Technepathy

Intercontinental brain-to-brain interface to transfer cortical tactile information.

From Pais-Vieira et al

You’ve probably heard about the rat-brain network by now — it showed up in the popsci threads back at the end of February, provoking breathless comparisons with Vulcan mind melds and The Matrix. And I gotta say, the coverage certainly sucked me in: an actual (albeit rudimentary) network of brains, linked together to solve problems? Hive-Mind stuff; Mind-Hive stuff. Something very much like it shows up in Echopraxia. It makes a cameo in “Giants”. The talk I gave at last year’s SpecFic Colloquium got into it big-time. Right up my alley.

Then you read the actual research paper and, well… not so much.

This is how they sell it; this, technically, is how it was. The brains of two rats, each connected to the other by an array of microelectrodes implanted in the motor cortex. One of them is presented with a stimulus; the other, with the means to act on that stimulus1. If the second rat reacts correctly to the stimulus the first one perceives, both get a reward. Rat #2 — gifted with no clues or insights save those piped directly from the brain of Rat #1 — reacts correctly 70% of the time, far more often than the 50% hit rate that random chance would serve up.

Ergo, the rats’ brains are in direct communication via an electronic network. Technologicaly-mediated telepathy. Technepathy.

There are the rudiments of a B2B interface here, certainly. Motor cortices and embedded electrode microarrays. A computer that mediates signal transmission from one to the other. Options presented, choices made, a reward for pressing the right lever. The way the Results are worded you really get a sense of linked minds, that the signals received by decoder-rat were pretty much the signals generated by the motor cortex of the encoder (“The primary factor that influenced the decoder rat’s performance was the quality of spatial information extracted from the encoder rat’s M1,” Pais-Vieira et al tell us. “The performance was high if the chosen neuronal ensemble accurately encoded left versus right presses”.) You imagine the array reading the motor commands off the very cortex, sending them through the internet, inserting them into the recipient’s motor control system where — possessed by an alien command planted in her brain — the little rodent feels an irresistible urge to move her paw just so.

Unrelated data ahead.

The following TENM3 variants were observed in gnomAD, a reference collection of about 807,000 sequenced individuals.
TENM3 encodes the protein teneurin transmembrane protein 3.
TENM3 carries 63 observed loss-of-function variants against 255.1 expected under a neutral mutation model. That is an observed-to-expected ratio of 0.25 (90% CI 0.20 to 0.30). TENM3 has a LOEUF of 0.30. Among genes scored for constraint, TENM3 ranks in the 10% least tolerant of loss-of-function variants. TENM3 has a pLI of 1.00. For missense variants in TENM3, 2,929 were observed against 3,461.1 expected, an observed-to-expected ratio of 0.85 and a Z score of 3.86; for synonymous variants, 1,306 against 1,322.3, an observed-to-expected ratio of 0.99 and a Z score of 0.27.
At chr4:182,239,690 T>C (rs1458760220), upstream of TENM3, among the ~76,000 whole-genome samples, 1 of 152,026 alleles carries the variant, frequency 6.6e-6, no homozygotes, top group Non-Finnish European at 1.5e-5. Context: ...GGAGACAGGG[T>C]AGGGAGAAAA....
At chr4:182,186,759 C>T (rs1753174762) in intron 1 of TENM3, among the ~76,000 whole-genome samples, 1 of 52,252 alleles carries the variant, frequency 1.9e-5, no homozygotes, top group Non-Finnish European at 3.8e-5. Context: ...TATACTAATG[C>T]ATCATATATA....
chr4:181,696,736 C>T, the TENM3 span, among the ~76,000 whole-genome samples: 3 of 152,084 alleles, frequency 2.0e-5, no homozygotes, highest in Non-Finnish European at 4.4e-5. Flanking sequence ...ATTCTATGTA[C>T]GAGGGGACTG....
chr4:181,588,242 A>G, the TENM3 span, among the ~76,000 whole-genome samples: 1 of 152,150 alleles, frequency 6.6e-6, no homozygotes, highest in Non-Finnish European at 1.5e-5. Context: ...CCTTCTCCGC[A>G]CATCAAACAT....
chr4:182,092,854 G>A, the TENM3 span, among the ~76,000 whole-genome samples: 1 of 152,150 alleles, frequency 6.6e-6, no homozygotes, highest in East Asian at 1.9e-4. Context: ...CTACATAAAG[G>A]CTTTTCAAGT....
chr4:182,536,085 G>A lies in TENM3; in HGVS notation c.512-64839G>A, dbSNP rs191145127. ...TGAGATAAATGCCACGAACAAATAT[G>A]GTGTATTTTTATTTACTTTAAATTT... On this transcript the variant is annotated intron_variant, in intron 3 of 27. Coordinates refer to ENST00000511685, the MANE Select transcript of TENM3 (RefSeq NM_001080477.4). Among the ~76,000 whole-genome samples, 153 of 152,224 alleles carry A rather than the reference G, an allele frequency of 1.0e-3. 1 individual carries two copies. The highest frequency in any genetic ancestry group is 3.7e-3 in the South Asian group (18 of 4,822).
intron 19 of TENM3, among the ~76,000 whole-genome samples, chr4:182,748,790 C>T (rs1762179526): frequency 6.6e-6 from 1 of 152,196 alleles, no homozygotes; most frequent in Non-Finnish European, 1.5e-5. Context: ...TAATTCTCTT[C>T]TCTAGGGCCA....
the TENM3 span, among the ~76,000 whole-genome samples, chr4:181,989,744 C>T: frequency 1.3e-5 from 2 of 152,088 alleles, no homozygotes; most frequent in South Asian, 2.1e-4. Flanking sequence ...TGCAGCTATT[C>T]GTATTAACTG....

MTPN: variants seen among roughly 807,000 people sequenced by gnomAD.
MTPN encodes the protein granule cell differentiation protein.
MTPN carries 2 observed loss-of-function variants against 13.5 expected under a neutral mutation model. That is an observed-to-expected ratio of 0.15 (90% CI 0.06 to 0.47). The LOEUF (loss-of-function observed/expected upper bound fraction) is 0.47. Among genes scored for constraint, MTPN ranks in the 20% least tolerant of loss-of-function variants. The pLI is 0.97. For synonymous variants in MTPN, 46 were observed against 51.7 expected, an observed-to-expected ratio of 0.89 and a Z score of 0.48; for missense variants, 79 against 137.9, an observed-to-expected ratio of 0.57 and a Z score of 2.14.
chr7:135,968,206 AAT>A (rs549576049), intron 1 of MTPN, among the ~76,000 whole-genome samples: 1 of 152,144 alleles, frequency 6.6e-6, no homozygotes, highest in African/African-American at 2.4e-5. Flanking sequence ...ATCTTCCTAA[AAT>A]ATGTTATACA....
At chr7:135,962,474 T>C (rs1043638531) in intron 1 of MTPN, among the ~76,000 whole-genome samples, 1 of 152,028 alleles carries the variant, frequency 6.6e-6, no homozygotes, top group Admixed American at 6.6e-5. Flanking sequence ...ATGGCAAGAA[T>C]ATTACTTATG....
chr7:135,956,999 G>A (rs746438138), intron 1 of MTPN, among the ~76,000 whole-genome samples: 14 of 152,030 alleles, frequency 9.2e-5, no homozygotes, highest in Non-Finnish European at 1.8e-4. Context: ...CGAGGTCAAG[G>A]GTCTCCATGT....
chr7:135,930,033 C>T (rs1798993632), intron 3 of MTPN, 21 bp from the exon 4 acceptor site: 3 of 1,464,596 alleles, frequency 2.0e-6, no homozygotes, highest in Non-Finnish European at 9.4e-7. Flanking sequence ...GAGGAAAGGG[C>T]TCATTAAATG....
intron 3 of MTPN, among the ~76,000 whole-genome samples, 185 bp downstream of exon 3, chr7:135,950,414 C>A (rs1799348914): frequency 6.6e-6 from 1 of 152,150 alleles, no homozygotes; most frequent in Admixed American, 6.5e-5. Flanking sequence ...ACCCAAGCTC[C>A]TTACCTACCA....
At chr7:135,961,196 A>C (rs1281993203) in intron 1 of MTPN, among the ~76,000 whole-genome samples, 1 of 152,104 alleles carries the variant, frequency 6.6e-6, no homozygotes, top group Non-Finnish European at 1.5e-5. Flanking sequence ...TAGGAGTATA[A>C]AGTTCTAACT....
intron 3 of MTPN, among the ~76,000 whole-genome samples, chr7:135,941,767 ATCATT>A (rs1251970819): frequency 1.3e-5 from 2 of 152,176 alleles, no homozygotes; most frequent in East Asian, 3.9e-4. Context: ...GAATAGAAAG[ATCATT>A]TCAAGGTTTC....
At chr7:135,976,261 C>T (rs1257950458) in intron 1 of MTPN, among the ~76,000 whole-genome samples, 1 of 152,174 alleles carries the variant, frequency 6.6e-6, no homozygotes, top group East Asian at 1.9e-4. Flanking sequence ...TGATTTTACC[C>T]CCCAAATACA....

Only when you move on to the Methods (Yes, “Methods” come after the “Results” in this paper for some reason), do you discover: oh, wait. The recipient was trained beforehand to push one lever or the other, depending on the incoming stimulus. And the stimulus wasn’t a motor command copied-and-pasted from one brain to the other, it was an arbitrary signal sent by the computer after the computer had decoded the sender-rat’s neural activity. It’s the difference between experiencing an orgasm and watching a tiny figure on a faraway hill spell out oh-god-oh-god-oh-god-yes using signal flags.